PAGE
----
In the South Pacific islands, two brothers, one good and one bad, fight over the same girl and over a bag of pearls.


Richard Thorpe


Harry Brown (screen play), Ben Ames Williams (novel)
Nominated for 1 Oscar. See more awards »





Cast overview, first billed only:
Robert Taylor ... Joel Shore
Stewart Granger ... Mark Shore
Ann Blyth ... Priscilla Holt
Betta St. John ... Native Girl
Keenan Wynn ... Silva
James Whitmore ... Fetcher
Kurt Kasznar ... Quint
Lewis Stone ... Capt. Holt
Robert Burton ... Asa Worthen
Peter Whitney ... James Finch
John Lupton ... Dick Morrell
Jonathan Cott ... Carter
Mitchell Lewis ... Cook
James Bell ... Aaron Burnham
Leo Gordon ... Peter How


Sea-faring saga of two brothers (Robert Taylor, Stewart Granger) and the woman they both love. Set against South Pacific islands, this love triangle pits the good brother against the bad as they squabble over Ann Blyth and a bag of pearls on the floor of a lagoon; the bad boy redeems himself, however, by helping fend off a mutiny. Written by Ed Lorusso

Plot Summary | Add Synopsis


MGM's Great Technicolor Romance!


Approved | See all certifications »

Did You Know?


Elizabeth Taylor was initially cast as Priscilla, but was forty pounds overweight, as a result of her recent pregnancy, and so was replaced by Ann Blyth. See more »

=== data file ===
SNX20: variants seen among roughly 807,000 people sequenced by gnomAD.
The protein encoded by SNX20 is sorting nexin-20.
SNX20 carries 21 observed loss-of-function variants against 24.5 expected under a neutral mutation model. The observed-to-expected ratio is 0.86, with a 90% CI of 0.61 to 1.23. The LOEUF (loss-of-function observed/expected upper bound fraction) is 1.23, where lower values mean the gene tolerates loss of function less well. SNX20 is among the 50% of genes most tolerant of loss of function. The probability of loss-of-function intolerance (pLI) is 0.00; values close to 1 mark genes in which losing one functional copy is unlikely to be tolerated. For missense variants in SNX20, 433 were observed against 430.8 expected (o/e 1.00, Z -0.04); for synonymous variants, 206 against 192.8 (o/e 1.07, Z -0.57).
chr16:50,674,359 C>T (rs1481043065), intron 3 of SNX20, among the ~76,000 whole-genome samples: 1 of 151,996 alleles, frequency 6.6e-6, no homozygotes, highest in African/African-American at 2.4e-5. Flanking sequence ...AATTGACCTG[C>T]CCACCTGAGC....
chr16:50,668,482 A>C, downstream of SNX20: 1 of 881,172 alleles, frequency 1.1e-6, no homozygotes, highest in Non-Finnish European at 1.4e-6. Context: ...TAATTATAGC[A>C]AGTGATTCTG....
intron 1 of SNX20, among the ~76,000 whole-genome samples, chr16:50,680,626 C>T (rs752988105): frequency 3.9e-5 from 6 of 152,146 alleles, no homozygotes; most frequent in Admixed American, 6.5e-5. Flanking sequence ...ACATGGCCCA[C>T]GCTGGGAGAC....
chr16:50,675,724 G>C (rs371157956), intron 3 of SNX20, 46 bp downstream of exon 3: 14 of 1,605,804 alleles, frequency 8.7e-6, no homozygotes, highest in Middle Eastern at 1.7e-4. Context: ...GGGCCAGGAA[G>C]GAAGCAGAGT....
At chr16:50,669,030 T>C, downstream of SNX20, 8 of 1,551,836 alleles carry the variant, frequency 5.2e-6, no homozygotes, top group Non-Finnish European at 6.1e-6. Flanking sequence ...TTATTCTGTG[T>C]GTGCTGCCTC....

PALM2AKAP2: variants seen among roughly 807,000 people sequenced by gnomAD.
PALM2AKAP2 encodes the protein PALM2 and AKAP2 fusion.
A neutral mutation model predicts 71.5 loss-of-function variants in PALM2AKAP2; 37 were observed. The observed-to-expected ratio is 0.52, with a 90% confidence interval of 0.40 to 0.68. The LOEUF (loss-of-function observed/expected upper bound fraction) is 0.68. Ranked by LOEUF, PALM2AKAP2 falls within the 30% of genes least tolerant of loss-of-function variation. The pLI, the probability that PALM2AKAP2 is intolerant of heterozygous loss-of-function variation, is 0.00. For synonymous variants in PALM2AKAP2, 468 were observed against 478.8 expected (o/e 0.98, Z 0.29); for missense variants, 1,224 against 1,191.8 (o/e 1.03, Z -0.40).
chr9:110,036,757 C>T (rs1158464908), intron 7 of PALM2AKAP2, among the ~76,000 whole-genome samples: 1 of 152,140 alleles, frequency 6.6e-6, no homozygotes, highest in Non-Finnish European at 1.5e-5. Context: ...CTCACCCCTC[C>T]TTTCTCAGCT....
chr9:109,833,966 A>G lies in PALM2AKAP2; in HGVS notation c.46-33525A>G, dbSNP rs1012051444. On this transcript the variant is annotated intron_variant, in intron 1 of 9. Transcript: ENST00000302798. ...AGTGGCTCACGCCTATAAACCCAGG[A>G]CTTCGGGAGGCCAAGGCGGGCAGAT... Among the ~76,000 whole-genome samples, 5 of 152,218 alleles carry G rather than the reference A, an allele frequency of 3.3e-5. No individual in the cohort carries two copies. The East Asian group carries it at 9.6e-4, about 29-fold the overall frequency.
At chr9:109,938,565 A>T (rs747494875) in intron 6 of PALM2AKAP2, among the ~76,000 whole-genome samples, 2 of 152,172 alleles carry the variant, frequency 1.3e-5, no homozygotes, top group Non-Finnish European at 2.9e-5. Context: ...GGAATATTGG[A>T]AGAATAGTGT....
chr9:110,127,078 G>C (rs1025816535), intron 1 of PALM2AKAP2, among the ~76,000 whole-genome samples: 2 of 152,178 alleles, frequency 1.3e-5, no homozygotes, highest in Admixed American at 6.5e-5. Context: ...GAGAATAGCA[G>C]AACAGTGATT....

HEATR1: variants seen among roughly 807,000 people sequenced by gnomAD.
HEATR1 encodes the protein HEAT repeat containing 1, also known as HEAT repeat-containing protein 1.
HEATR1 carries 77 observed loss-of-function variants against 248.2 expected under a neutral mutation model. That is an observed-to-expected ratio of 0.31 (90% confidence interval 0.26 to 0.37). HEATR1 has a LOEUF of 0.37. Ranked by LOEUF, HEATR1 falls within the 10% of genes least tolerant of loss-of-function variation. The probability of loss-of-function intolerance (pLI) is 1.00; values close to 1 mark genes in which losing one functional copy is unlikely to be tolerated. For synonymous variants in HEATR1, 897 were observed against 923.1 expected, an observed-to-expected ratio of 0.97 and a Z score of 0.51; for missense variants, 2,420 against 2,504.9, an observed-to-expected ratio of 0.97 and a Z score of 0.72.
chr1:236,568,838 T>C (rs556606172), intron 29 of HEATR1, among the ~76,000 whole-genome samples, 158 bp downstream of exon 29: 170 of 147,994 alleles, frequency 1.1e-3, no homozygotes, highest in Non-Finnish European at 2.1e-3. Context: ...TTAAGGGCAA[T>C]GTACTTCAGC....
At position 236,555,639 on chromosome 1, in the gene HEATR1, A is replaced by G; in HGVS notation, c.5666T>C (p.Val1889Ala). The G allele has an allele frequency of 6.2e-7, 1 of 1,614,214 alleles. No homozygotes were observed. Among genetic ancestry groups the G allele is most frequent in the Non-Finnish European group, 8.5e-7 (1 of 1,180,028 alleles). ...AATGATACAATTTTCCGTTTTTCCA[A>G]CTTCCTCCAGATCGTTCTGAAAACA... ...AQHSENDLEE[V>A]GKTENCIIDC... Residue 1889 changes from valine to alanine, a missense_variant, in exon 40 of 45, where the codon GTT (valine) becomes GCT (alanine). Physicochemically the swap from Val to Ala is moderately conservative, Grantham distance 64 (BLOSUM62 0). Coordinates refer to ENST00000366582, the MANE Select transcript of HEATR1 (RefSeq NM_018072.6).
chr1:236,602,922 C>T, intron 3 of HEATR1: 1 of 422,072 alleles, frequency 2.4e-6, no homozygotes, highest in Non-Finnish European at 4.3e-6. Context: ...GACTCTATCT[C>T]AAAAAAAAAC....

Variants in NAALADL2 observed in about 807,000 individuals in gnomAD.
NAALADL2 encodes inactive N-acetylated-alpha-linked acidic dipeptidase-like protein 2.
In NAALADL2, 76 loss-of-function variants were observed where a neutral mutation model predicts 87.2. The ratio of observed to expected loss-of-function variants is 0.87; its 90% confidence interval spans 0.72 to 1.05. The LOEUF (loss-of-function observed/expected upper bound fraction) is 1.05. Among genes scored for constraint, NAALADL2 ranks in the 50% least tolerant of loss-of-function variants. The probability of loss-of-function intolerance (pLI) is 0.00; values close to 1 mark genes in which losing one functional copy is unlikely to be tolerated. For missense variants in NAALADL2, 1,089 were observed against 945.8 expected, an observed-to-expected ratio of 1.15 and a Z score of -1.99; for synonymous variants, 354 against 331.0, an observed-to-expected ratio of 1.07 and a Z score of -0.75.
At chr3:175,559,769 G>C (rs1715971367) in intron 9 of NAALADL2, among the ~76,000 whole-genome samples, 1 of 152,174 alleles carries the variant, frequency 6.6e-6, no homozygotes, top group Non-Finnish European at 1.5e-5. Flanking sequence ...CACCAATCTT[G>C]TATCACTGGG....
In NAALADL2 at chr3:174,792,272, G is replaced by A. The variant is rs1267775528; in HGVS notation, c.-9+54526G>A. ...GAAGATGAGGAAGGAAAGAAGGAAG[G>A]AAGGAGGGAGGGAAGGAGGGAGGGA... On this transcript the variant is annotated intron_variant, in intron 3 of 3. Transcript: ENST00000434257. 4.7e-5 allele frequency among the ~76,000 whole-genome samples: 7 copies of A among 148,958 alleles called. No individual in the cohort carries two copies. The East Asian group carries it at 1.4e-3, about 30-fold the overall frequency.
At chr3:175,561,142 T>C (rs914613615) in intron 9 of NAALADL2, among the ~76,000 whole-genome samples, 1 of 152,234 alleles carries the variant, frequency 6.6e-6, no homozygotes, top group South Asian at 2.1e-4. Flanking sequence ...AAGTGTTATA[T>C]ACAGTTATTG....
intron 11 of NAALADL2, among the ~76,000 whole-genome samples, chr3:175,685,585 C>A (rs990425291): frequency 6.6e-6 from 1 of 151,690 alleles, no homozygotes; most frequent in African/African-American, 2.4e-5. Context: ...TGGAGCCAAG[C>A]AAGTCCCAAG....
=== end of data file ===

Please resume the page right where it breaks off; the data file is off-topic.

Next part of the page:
Women aboard ship were considered bad luck all through the sailing ship days. The superstition even extended part way into the modern era. Crews were known to resist sailing on ship that was to have a woman aboard. See more »


Remake of Across to Singapore (1928) See more »

User Reviews

The Good, the Bad and the Beautiful.
7 July 2020 | by brogmillerSee all my reviews

Based upon the novel by Ben Ames Williams who died the year it was released this is produced by crowd pleaser Pandro S. Berman and directed by Richard 'one-take' Thorpe. MGM stalwart Robert Taylor is lumbered with the part of the good brother whilst Stewart Granger has by far the most interesting role as his villainous sibling. Ann Blyth, replacing Elizabeth Taylor, is the meat in the sandwich. This proved to the last film alas of veteran Lewis Stone. Ravishing Betta St. John plays her customary 'exotic' role. Keenan Wynn and James Whitmore were to enjoy long careers and teamed up that year to steal the show as Lippy and Slug with their priceless rendition of 'Brush up your Shakespeare'. George Folsey was again Oscar-nominated for his superlative cinematography but again missed out and the score by Miklos Rosza is suitably stirring. The whale hunt is well done although obviously filmed in a studio tank and the final fisticuff-fest well choreographed. Despite its cast and production values it is alas rather plodding and fails to excite. Granger's description of it as a 'crappy melodrama' seems unduly harsh but he was notoriously dismissive of most of his films. This prickly actor parted company with MGM four years later while the more 'accommodating' Robert Taylor continued his thirty-year long association.

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Release Date:

13 November 1953 (USA) See more »

Also Known As:

Die schwarze Perle See more »

Filming Locations:

Oracabessa, Jamaica See more »


Box Office


$1,816,000 (estimated)
See more on IMDbPro »

Company Credits

Show more on IMDbPro »

Technical Specs


| (original)

Sound Mix:

Mono (Western Electric Sound System)


Color (Technicolor)

Aspect Ratio:

1.66 : 1
See full technical specs »

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